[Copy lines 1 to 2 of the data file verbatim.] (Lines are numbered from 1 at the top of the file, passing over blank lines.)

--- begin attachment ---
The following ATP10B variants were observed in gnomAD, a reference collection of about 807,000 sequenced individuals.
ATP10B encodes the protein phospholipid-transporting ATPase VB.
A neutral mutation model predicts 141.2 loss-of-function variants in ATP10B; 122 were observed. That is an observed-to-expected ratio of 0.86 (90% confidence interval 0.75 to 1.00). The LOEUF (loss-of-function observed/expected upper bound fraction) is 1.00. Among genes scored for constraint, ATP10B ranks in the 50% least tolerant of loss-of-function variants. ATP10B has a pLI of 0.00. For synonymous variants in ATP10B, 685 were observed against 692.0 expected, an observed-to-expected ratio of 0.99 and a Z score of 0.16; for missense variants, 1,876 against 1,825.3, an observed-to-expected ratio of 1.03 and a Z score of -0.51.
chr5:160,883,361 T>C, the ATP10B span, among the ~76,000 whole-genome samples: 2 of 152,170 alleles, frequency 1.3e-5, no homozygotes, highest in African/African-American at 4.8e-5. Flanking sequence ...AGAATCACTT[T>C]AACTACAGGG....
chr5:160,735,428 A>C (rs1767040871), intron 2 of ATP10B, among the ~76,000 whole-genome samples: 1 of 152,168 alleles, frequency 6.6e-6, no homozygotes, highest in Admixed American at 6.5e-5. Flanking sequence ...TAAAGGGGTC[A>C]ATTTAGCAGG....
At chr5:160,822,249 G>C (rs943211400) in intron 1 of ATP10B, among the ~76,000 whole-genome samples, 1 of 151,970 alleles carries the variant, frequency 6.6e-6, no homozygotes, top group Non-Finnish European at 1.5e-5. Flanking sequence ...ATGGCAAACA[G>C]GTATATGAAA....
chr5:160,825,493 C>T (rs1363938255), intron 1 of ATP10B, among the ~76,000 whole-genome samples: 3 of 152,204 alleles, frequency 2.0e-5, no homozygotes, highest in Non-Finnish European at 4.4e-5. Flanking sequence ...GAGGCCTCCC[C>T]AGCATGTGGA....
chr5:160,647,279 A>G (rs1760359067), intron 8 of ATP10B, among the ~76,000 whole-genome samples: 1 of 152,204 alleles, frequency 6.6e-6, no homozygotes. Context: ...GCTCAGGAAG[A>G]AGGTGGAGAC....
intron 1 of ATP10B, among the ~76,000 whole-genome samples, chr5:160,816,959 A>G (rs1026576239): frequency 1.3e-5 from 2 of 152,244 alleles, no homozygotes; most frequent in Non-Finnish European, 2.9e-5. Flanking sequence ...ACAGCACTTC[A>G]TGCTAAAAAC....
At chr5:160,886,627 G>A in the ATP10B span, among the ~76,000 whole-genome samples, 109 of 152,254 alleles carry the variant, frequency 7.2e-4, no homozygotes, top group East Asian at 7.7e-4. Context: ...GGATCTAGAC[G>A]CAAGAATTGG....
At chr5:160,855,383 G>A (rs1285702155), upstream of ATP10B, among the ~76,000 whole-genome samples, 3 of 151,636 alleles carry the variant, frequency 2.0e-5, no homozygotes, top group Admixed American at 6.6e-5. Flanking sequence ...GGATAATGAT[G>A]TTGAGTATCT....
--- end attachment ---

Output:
The following ATP10B variants were observed in gnomAD, a reference collection of about 807,000 sequenced individuals.
ATP10B encodes the protein phospholipid-transporting ATPase VB.